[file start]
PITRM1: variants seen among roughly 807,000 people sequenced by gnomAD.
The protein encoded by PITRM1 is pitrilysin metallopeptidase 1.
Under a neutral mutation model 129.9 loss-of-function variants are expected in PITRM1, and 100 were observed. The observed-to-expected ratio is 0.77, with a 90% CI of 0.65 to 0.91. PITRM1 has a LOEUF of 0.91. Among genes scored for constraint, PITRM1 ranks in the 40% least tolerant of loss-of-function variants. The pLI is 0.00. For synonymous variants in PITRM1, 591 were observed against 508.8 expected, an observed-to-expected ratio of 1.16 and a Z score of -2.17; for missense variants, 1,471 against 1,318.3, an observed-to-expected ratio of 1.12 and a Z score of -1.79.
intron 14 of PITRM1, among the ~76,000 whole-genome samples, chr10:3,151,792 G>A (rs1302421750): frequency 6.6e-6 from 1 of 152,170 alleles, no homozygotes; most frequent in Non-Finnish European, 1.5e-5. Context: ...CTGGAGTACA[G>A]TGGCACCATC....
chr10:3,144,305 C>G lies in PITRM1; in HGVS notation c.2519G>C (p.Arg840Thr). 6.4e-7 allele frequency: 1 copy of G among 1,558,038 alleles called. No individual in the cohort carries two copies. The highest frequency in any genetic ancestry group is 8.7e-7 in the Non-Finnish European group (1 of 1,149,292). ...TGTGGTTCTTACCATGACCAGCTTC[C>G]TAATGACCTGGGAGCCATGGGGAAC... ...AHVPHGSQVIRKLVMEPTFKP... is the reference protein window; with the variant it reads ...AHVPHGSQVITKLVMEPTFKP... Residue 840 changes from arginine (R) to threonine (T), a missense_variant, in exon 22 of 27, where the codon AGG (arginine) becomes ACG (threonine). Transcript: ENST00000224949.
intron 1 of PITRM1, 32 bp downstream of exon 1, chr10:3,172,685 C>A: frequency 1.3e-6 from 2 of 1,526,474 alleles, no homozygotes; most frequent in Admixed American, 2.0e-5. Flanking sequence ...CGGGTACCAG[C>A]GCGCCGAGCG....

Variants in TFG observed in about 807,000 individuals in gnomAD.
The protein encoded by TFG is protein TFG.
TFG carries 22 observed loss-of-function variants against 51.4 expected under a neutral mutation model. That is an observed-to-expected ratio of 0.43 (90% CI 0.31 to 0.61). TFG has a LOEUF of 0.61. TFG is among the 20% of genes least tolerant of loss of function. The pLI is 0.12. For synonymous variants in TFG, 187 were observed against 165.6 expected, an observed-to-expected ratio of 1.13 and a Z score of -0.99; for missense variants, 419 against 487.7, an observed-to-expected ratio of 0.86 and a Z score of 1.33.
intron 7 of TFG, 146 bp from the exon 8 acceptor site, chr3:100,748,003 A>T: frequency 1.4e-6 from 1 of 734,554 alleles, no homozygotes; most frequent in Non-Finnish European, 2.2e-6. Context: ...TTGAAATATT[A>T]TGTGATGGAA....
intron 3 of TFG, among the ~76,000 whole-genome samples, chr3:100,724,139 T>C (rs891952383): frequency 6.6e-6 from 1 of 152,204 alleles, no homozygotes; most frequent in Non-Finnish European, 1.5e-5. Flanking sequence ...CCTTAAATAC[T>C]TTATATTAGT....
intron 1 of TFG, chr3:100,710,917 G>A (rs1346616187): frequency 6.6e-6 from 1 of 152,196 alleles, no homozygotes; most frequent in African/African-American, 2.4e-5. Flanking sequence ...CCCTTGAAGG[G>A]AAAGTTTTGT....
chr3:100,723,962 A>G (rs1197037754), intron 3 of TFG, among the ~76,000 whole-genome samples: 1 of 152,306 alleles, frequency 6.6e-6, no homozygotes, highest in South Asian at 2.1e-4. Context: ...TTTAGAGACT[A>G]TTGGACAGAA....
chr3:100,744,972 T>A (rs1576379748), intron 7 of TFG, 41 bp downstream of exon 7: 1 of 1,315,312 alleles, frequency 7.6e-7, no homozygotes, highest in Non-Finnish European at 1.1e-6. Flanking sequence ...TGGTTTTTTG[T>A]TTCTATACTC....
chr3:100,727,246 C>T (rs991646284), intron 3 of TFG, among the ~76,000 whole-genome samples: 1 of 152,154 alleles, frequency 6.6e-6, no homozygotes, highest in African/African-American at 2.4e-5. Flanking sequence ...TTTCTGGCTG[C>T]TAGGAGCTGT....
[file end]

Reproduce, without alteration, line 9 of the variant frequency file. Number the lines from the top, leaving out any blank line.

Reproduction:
TFG carries 22 observed loss-of-function variants against 51.4 expected under a neutral mutation model. That is an observed-to-expected ratio of 0.43 (90% CI 0.31 to 0.61). TFG has a LOEUF of 0.61. TFG is among the 20% of genes least tolerant of loss of function. The pLI is 0.12. For synonymous variants in TFG, 187 were observed against 165.6 expected, an observed-to-expected ratio of 1.13 and a Z score of -0.99; for missense variants, 419 against 487.7, an observed-to-expected ratio of 0.86 and a Z score of 1.33.